As I talked with my friend, they shared something that broke my heart. My friend is not publicly out, and so most of their friends and family don’t know that they’re gay. I had thought that would mean that my friend would see many judgmental and hateful statuses posted by friends and loved ones who didn’t know someone near to them would see and be hurt by it. I’m sure this has happened countless times before, but it wasn’t happening with the Orlando shooting. Here’s what my friend wrote:
It’s really strange watching social media actually. I feel like no one is really talking about it – like other things have happened and my timeline blows up with it – but I’ve seen maybe like 10 posts about it.
Friends, your silence is deafening.
Maybe you didn’t know what to say. Maybe it wasn’t out of spite or judgment that you remained silent. Maybe you were worried that someone else would take your words the wrong way, read into it something you didn’t mean to say. Maybe that’s why you remained silent. But if you’re one of those people who changed your profile pic for France and posts about current events all the time, rest assured that someone who needed to see your words calling out the evil done in Orlando heard your silence more loudly than the words of so many others.
Do changed profile pictures or shared statuses really change anything? No, not in a real tangible way. But they do let people know where you stand. And sometimes people who are hurting just need to know that they’re not alone, that you’re standing with them. Silence can sound the same as judgment in those moments.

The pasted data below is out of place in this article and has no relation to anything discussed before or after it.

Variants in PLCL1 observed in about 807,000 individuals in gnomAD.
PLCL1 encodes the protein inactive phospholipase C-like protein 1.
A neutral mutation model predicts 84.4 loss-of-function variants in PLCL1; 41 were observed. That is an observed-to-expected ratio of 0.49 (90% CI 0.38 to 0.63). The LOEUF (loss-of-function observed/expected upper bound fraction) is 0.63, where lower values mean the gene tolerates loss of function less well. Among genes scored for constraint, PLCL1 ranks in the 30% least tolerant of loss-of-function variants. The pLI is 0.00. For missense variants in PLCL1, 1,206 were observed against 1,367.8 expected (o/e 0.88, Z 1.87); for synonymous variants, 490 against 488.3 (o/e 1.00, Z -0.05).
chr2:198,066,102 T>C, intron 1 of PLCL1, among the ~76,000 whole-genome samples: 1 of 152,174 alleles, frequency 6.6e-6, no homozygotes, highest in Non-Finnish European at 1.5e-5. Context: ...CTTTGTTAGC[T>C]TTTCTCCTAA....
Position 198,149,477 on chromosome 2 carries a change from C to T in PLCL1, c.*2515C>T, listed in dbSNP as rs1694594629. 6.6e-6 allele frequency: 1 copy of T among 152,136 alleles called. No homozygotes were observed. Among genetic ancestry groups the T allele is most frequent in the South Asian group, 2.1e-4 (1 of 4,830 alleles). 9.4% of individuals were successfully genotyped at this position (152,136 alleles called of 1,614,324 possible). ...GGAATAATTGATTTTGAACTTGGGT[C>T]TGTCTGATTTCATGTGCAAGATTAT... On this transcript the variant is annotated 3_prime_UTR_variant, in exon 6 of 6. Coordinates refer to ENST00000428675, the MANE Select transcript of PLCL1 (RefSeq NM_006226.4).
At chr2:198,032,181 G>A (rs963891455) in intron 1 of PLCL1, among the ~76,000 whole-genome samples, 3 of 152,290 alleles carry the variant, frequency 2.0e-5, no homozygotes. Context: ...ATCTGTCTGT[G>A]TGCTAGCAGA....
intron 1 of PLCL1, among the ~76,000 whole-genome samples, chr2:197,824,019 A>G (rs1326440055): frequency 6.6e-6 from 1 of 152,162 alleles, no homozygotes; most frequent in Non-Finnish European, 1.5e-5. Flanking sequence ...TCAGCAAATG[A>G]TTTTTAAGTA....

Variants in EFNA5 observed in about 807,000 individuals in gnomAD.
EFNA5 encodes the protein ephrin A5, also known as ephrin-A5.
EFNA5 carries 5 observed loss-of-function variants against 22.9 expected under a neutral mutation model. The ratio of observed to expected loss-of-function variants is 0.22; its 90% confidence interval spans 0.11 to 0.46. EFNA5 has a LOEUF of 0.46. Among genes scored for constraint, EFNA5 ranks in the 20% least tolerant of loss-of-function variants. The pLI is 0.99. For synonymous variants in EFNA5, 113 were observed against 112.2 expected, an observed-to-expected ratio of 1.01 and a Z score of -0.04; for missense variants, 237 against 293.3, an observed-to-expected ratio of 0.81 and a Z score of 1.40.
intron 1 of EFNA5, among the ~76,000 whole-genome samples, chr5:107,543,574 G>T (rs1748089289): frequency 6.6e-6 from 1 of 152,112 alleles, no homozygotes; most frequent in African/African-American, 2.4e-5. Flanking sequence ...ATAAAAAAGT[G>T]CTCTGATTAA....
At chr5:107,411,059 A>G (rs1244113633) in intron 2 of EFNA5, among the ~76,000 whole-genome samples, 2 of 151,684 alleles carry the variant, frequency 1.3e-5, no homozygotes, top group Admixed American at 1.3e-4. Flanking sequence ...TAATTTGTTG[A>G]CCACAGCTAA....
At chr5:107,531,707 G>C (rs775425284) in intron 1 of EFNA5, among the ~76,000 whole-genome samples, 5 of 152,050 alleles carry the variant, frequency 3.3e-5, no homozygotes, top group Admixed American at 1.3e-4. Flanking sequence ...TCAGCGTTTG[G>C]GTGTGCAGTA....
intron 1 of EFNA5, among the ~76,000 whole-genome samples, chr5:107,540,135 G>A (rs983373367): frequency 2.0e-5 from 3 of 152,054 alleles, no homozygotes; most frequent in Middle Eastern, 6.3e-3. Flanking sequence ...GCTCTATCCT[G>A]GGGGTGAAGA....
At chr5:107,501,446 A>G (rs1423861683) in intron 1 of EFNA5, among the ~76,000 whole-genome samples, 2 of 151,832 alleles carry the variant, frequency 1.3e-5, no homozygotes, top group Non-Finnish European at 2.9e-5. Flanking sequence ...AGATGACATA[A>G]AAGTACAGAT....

Regardless of what any of us think about gay marriage or homosexuality, all Christians should be able to condemn murder. Actually, God help you if you’re only able to condemn murder. Life should be so valuable to you that your immediate reaction should be condemnation and revulsion. You shouldn’t have to think if it melds well with your political views or if someone will question you for it. When people die, you should mourn. Period. It does not matter who they were. They were people, image bearers of God. In all your approaches to them, you should have always erred on the side of love and grace, but you should look especially like Jesus when tragedy strikes.
I love my friend with all my heart, and I made sure that they knew that the day after the Orlando shooting. That’s all that mattered at that moment in time. I have been called to look like Jesus, and so I will lead with grace and love and I will refrain from condemnation.
I am not silent about my faith. I just choose a simple message rather than arguments and worrying about being right. “Follow him,” is all I need to say, echoing the call from so long ago that hasn’t stopped resounding since the days when Jesus walked the earth. “Follow him,” I say, pointing to the one who didn’t condemn me and who has called me to a life full of love and peace. “Follow him,” I say, knowing that it’s not up to me to outline for anyone what that looks like. If they’re following him, he’ll show them the way. “Follow him.”
I am not following him if I interact with someone, and they go away without feeling his love. That goes for people who are in my way at the grocery store. That goes for people who bother me when I’d rather be left alone. That goes for family members I don’t get along with. That goes for the people I am closest to. That goes for Democrats and Republicans. That goes for people who have lived in America all their lives and for people who have just moved here. That goes for straight people and for gay people.
Do the loving, friends. Leave the handling of sin to God. You’re not equipped to do it anyway, and the loving is so much more beautiful.